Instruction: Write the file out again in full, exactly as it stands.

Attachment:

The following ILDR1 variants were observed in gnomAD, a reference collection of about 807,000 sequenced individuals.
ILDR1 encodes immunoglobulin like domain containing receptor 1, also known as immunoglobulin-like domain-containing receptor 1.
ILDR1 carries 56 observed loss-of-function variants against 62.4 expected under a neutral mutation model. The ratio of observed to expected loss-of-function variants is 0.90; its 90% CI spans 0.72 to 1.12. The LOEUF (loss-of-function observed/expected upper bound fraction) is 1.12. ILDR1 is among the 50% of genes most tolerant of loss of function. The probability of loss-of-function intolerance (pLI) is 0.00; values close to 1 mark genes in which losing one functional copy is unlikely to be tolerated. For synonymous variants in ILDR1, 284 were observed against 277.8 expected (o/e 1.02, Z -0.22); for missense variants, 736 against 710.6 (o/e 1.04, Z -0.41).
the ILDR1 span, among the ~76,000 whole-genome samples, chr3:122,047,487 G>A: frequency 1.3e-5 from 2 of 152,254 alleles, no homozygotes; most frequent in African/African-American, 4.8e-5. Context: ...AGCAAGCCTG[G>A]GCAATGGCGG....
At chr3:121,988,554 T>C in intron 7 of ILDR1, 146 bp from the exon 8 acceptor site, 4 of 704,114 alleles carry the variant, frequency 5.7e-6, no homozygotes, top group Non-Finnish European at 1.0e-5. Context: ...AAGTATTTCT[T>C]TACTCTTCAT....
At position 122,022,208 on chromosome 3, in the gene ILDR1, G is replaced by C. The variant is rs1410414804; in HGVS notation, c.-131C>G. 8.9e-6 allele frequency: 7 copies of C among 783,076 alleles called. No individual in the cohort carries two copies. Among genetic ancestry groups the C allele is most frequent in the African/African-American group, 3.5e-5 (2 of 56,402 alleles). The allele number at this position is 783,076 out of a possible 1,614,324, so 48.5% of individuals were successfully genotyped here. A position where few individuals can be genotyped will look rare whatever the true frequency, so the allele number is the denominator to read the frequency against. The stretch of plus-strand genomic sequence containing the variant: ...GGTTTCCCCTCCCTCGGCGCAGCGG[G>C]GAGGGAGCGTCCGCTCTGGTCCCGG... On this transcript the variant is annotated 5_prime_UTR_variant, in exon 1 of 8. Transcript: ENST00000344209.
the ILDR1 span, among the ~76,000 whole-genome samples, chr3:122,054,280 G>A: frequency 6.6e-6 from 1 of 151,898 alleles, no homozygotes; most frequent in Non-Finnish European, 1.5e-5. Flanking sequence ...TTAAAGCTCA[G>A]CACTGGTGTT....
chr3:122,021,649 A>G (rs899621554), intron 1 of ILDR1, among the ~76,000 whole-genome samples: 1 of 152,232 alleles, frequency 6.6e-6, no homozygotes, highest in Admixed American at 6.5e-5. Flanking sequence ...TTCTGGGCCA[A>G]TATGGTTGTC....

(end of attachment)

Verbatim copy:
The following ILDR1 variants were observed in gnomAD, a reference collection of about 807,000 sequenced individuals.
ILDR1 encodes immunoglobulin like domain containing receptor 1, also known as immunoglobulin-like domain-containing receptor 1.
ILDR1 carries 56 observed loss-of-function variants against 62.4 expected under a neutral mutation model. The ratio of observed to expected loss-of-function variants is 0.90; its 90% CI spans 0.72 to 1.12. The LOEUF (loss-of-function observed/expected upper bound fraction) is 1.12. ILDR1 is among the 50% of genes most tolerant of loss of function. The probability of loss-of-function intolerance (pLI) is 0.00; values close to 1 mark genes in which losing one functional copy is unlikely to be tolerated. For synonymous variants in ILDR1, 284 were observed against 277.8 expected (o/e 1.02, Z -0.22); for missense variants, 736 against 710.6 (o/e 1.04, Z -0.41).
the ILDR1 span, among the ~76,000 whole-genome samples, chr3:122,047,487 G>A: frequency 1.3e-5 from 2 of 152,254 alleles, no homozygotes; most frequent in African/African-American, 4.8e-5. Context: ...AGCAAGCCTG[G>A]GCAATGGCGG....
At chr3:121,988,554 T>C in intron 7 of ILDR1, 146 bp from the exon 8 acceptor site, 4 of 704,114 alleles carry the variant, frequency 5.7e-6, no homozygotes, top group Non-Finnish European at 1.0e-5. Context: ...AAGTATTTCT[T>C]TACTCTTCAT....
At position 122,022,208 on chromosome 3, in the gene ILDR1, G is replaced by C. The variant is rs1410414804; in HGVS notation, c.-131C>G. 8.9e-6 allele frequency: 7 copies of C among 783,076 alleles called. No individual in the cohort carries two copies. Among genetic ancestry groups the C allele is most frequent in the African/African-American group, 3.5e-5 (2 of 56,402 alleles). The allele number at this position is 783,076 out of a possible 1,614,324, so 48.5% of individuals were successfully genotyped here. A position where few individuals can be genotyped will look rare whatever the true frequency, so the allele number is the denominator to read the frequency against. The stretch of plus-strand genomic sequence containing the variant: ...GGTTTCCCCTCCCTCGGCGCAGCGG[G>C]GAGGGAGCGTCCGCTCTGGTCCCGG... On this transcript the variant is annotated 5_prime_UTR_variant, in exon 1 of 8. Transcript: ENST00000344209.
the ILDR1 span, among the ~76,000 whole-genome samples, chr3:122,054,280 G>A: frequency 6.6e-6 from 1 of 151,898 alleles, no homozygotes; most frequent in Non-Finnish European, 1.5e-5. Flanking sequence ...TTAAAGCTCA[G>A]CACTGGTGTT....
chr3:122,021,649 A>G (rs899621554), intron 1 of ILDR1, among the ~76,000 whole-genome samples: 1 of 152,232 alleles, frequency 6.6e-6, no homozygotes, highest in Admixed American at 6.5e-5. Flanking sequence ...TTCTGGGCCA[A>G]TATGGTTGTC....